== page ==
EU negotiators agree €135.5bn budget for 2014

Package includes €3.9 billion worth of measures to address youth unemployment

Members of the European Parliament Raul Romeva i Rueda (left) and Marije Cornelissen, from the Group of the Greens/European Free Alliance, vote on the European Budget during a the earlier stages of the debate last month. Photograph: Reuters

Members of the European Parliament Raul Romeva i Rueda (left) and Marije Cornelissen, from the Group of the Greens/European Free Alliance, vote on the European Budget during a the earlier stages of the debate last month. Photograph: Reuters

Tue, Nov 12, 2013, 11:46

European Union spending will total €135.5 billion next year under a deal reached by EU negotiators overnight, which included extra funds to fight soaring youth unemployment in the 28-nation bloc.

The deal, which cuts EU spending by about 6 percent from this year, is the first to reflect the new terms for EU budgets from 2014-20 agreed by the bloc’s leaders in February and had little room to manoevre on the overall figures involved.

“I’m glad that we could reach an agreement with the European Parliament on the financing of priority areas such as growth, employment, innovation and humanitarian aid,” said Algimantas Rimkunas, deputy finance minister for Lithuania, which holds the EU’s rotating presidency.

The deal reached after more than 16 hours of negotiations includes up to €3.9 billion to support job creation, training and apprenticeships for the estimated 19 million young Europeans currently out of work.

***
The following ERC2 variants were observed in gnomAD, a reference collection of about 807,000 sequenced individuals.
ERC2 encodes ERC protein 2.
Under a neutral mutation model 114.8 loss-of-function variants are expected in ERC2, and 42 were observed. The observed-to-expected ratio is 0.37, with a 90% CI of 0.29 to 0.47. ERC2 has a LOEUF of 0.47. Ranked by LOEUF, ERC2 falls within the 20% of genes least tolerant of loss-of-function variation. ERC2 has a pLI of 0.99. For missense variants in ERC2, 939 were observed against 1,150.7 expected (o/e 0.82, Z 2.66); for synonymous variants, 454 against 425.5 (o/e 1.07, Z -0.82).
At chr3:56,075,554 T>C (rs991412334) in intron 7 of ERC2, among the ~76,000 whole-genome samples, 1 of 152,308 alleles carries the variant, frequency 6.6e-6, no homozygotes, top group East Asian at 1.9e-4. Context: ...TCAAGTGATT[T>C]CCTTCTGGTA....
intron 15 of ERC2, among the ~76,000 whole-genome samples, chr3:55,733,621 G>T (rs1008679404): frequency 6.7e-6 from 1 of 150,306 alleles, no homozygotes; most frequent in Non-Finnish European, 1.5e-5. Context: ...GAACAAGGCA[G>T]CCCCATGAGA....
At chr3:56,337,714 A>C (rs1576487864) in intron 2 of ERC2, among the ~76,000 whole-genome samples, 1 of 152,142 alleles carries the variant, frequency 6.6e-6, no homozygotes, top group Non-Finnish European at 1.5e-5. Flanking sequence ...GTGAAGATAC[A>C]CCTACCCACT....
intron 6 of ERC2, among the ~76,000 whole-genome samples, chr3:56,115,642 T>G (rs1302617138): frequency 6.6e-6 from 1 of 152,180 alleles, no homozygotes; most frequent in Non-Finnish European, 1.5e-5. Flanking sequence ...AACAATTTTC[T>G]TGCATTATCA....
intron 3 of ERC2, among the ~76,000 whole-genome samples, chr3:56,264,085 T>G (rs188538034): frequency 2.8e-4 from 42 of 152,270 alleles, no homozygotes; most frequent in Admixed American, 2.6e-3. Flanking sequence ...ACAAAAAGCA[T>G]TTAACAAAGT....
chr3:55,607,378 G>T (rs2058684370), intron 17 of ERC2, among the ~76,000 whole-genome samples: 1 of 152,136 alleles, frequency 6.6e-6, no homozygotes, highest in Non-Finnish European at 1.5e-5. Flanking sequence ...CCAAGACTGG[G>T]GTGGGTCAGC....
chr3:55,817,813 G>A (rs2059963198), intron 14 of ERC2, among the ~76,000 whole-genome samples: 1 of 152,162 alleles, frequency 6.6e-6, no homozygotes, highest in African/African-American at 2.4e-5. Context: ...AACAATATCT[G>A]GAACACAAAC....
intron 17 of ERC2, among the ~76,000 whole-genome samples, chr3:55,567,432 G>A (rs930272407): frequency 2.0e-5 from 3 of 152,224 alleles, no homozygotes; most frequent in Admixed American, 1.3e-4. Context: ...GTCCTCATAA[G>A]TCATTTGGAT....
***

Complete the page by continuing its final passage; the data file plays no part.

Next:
Critics say the extra cash is a drop in the ocean, working out at about €200 for every unemployed young person in the region.

The vast majority of EU spending - around two thirds of the total - will be spent on subsidies for European farmers and investment projects such as road construction in the bloc’s poorer central and eastern European member states.

The agreement must now be rubber-stamped by EU ministers and the full parliament before it can enter force.

The European Commission had originally proposed a budget of €136 billion for next year, which the parliament had sought to increase to €136.4 billion.

As part of the earlier deal on the EU’s long-term budget, funds earmarked but not spent in a particular budget year can be carried over to the next year’s budget, subject to approval by EU governments.

The European Union budget is equivalent to about 1 per cent of the bloc’s annual gross domestic product - a small fraction of total EU government spending of almost 50 per cent of GDP in 2012.

Reuters

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